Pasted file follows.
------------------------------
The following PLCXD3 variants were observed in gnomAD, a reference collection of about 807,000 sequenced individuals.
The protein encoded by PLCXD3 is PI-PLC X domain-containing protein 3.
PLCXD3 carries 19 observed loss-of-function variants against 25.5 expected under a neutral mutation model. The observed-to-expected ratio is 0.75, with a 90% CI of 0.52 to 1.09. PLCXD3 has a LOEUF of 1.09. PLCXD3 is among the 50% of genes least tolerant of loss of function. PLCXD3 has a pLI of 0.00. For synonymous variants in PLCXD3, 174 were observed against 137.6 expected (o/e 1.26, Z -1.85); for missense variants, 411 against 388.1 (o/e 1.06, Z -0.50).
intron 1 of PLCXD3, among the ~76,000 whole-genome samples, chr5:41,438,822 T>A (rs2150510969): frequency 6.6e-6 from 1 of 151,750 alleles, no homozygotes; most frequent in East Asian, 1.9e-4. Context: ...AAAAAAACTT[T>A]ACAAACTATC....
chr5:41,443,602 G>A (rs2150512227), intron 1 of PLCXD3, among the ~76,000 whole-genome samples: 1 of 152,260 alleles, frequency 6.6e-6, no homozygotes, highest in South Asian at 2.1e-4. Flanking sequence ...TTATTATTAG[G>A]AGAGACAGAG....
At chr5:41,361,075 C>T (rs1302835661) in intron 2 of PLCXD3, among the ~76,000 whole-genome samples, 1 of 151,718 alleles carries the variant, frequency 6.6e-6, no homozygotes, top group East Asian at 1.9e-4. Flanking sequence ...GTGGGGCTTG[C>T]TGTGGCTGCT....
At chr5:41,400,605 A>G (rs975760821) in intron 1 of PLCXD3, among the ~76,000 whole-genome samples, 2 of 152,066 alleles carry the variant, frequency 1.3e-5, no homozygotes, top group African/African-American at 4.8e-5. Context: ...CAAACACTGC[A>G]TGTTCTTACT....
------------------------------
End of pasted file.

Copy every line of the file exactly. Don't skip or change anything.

The following PLCXD3 variants were observed in gnomAD, a reference collection of about 807,000 sequenced individuals.
The protein encoded by PLCXD3 is PI-PLC X domain-containing protein 3.
PLCXD3 carries 19 observed loss-of-function variants against 25.5 expected under a neutral mutation model. The observed-to-expected ratio is 0.75, with a 90% CI of 0.52 to 1.09. PLCXD3 has a LOEUF of 1.09. PLCXD3 is among the 50% of genes least tolerant of loss of function. PLCXD3 has a pLI of 0.00. For synonymous variants in PLCXD3, 174 were observed against 137.6 expected (o/e 1.26, Z -1.85); for missense variants, 411 against 388.1 (o/e 1.06, Z -0.50).
intron 1 of PLCXD3, among the ~76,000 whole-genome samples, chr5:41,438,822 T>A (rs2150510969): frequency 6.6e-6 from 1 of 151,750 alleles, no homozygotes; most frequent in East Asian, 1.9e-4. Context: ...AAAAAAACTT[T>A]ACAAACTATC....
chr5:41,443,602 G>A (rs2150512227), intron 1 of PLCXD3, among the ~76,000 whole-genome samples: 1 of 152,260 alleles, frequency 6.6e-6, no homozygotes, highest in South Asian at 2.1e-4. Flanking sequence ...TTATTATTAG[G>A]AGAGACAGAG....
At chr5:41,361,075 C>T (rs1302835661) in intron 2 of PLCXD3, among the ~76,000 whole-genome samples, 1 of 151,718 alleles carries the variant, frequency 6.6e-6, no homozygotes, top group East Asian at 1.9e-4. Flanking sequence ...GTGGGGCTTG[C>T]TGTGGCTGCT....
At chr5:41,400,605 A>G (rs975760821) in intron 1 of PLCXD3, among the ~76,000 whole-genome samples, 2 of 152,066 alleles carry the variant, frequency 1.3e-5, no homozygotes, top group African/African-American at 4.8e-5. Context: ...CAAACACTGC[A>G]TGTTCTTACT....